Employees tend to care more about their jobs when they’re treated with compassion and respect. Implement an open door policy to encourage employees to come forth with questions or problems at any time. Not only will this strengthen your relationship with your staff and make them feel good about working for your company, but it will also help tackle project hurdles when they first arise and keep your sustainability program moving steadily along.

Initiating an open door policy will require you to set boundaries. Decide when you can be reliably available, communicate to staff how to reach out – knock before entering, ping you in an online chatroom, by email or phone – and utilize the time for solution building and discourage gossip.


A great way to create a thriving green culture is by gamifying or incentivizing your sustainability program. This can enhance engagement and create friendly competition among your employees and between departments.

Employees can compete to see who can collect the most recyclables over a set timeframe or who can make the most green lifestyle changes at home. To encourage employees to cut single-use plastics, you can hold Best Decorated reusable water bottle or tote bag competitions (Note: Be sure to encourage employees to use materials they already have rather than buying new).

You can also give each month a sustainability theme such as “Save the Bees” that ties into one or more of your green goals, or celebrate various environmental days happening worldwideEarth Day, World Recycling Day, World Nature Conservation Day, Zero Emissions Day, among so many others.


Employees are more likely to engage in their work and be more productive when they feel appreciated. In fact, organizations with recognition programs showed a 31% lower voluntary turnover compared to those without.

There are a variety of ways to recognize your employees such as posting the “Sustainability Leader of the Month” in a newsletter or making the special announcement during meeting time. Gift certificates, gift baskets, a new gadget, or a paid day off are also kind gestures of appreciation.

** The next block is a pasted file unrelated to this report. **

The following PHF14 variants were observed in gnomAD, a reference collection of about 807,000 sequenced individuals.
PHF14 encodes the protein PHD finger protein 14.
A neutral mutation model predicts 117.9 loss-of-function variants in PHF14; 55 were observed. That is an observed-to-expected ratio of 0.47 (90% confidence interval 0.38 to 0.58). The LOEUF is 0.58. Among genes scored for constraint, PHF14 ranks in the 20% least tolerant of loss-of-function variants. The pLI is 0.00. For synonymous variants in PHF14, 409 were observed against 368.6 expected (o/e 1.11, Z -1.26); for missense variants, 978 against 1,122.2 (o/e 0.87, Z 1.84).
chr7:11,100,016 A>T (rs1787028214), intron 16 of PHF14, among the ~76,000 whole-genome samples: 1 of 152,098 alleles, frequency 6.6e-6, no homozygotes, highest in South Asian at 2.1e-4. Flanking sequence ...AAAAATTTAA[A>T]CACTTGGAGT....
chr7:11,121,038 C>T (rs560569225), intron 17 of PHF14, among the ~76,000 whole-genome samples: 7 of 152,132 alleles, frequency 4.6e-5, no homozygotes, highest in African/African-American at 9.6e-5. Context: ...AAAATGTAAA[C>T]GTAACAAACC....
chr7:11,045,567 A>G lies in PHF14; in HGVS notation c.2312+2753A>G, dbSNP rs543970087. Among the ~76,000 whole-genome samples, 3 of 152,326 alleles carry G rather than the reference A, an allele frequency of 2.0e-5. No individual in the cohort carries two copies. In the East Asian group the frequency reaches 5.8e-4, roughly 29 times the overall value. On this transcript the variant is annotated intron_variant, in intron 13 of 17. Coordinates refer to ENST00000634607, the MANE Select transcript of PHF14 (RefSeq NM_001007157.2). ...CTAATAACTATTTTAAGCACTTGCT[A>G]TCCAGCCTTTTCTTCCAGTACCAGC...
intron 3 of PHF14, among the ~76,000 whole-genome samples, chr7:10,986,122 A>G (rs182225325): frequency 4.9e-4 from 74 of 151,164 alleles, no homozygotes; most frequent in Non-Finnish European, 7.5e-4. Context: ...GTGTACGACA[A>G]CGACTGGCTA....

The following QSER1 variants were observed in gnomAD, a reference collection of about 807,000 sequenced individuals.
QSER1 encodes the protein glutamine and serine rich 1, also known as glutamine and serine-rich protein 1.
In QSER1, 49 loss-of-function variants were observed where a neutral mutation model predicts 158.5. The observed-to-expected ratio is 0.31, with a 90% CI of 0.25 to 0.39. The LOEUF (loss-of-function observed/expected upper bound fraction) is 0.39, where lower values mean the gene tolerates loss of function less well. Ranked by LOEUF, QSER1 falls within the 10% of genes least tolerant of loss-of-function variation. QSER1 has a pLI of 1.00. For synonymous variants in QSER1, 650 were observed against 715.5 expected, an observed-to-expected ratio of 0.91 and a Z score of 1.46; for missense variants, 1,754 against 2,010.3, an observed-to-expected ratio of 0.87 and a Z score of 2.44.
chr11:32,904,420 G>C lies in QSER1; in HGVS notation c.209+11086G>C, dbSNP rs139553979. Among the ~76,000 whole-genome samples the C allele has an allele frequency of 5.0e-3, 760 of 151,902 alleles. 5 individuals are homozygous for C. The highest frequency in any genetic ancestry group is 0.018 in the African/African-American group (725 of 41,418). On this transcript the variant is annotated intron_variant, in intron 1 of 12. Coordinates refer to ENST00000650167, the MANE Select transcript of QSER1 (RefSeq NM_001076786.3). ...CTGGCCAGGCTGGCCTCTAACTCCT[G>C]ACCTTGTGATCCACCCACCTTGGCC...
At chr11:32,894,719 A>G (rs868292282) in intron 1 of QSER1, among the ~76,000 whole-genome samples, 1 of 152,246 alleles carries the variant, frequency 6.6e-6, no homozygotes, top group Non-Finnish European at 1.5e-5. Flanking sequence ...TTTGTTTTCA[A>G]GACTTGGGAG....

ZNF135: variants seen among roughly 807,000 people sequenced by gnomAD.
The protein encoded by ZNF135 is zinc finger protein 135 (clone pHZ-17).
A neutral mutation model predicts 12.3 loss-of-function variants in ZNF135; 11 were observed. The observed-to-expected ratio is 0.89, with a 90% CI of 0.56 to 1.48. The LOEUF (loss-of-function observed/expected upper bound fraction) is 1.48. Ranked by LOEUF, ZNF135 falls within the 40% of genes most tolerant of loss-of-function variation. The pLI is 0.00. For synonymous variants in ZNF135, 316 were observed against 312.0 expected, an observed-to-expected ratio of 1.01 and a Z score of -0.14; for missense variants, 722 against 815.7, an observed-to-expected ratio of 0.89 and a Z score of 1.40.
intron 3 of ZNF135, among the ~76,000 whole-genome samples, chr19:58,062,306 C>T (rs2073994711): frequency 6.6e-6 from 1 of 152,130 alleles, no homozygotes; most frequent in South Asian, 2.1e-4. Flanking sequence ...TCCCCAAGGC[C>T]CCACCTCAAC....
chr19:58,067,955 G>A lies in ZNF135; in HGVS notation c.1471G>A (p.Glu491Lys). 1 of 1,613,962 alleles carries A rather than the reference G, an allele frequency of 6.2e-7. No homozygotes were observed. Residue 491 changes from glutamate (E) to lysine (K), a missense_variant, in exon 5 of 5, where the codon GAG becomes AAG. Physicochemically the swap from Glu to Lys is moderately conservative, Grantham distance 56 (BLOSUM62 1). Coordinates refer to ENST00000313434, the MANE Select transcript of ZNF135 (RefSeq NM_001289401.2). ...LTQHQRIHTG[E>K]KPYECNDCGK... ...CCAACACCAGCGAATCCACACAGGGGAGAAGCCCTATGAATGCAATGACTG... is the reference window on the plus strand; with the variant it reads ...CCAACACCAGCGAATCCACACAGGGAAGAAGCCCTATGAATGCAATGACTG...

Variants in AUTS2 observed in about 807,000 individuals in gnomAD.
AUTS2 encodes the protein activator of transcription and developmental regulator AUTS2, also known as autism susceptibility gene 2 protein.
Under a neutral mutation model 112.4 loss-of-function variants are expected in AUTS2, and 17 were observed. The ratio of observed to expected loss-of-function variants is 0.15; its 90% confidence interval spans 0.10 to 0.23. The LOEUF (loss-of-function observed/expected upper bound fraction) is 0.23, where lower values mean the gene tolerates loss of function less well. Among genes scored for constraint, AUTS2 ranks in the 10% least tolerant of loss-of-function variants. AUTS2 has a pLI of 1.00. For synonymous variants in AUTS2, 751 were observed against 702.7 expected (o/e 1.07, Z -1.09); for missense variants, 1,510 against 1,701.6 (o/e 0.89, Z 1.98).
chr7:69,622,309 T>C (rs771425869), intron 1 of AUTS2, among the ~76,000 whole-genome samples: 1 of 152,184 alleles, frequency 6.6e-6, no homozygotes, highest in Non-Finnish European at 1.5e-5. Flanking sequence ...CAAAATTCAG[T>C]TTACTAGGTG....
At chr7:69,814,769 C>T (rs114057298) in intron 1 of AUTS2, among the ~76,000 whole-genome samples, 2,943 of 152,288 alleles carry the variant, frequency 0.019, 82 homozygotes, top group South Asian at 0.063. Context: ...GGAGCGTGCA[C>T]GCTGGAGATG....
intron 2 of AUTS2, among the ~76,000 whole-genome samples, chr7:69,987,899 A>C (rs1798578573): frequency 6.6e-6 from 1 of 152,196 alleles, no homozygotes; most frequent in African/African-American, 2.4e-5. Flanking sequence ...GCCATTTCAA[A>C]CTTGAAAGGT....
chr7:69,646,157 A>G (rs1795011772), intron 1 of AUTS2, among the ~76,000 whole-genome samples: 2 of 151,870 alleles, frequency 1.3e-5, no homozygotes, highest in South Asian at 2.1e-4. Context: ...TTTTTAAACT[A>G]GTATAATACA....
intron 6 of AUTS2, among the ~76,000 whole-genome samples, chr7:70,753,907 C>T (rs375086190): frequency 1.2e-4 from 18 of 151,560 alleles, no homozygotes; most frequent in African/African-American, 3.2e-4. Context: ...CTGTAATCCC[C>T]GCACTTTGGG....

However, you can take your appreciation one step further and give your employees an experience they’ll remember. Blueboard offers a variety of hand-curated experiential rewards from river rafting and cooking classes to massages and building a DIY backyard greenhouse. Investing in your employees’ passions and interests is a powerful way to show your appreciation.


Scheduling company events gives the reminder that sustainability is a collective effort and by working together, employees can feel inspired that they are a part of a greater purpose. Company events also highlight your company’s core values and support an engaged green culture by giving everyone the chance to connect with one another outside of the office.

Some meaningful sustainability-focused company events include hiring a keynote speaker on an intriguing environmental topic, showing a wildlife documentary or participating in a community outreach event. These are great ways to break up the monotony of work life and keep your employees interested and engaged in your sustainability pursuits.


Driving a successful sustainability program means investing in the satisfaction and wellbeing of your staff, and playing an active leadership role. Creating a thriving green culture not only supports your employees but it yields several benefits for your business too:

  • Higher productivity
  • Increased profit
  • Lower employee turnover
  • Strong employee engagement and solution building
  • Greater creativity and new opportunities
  • Goal attainment and effective project management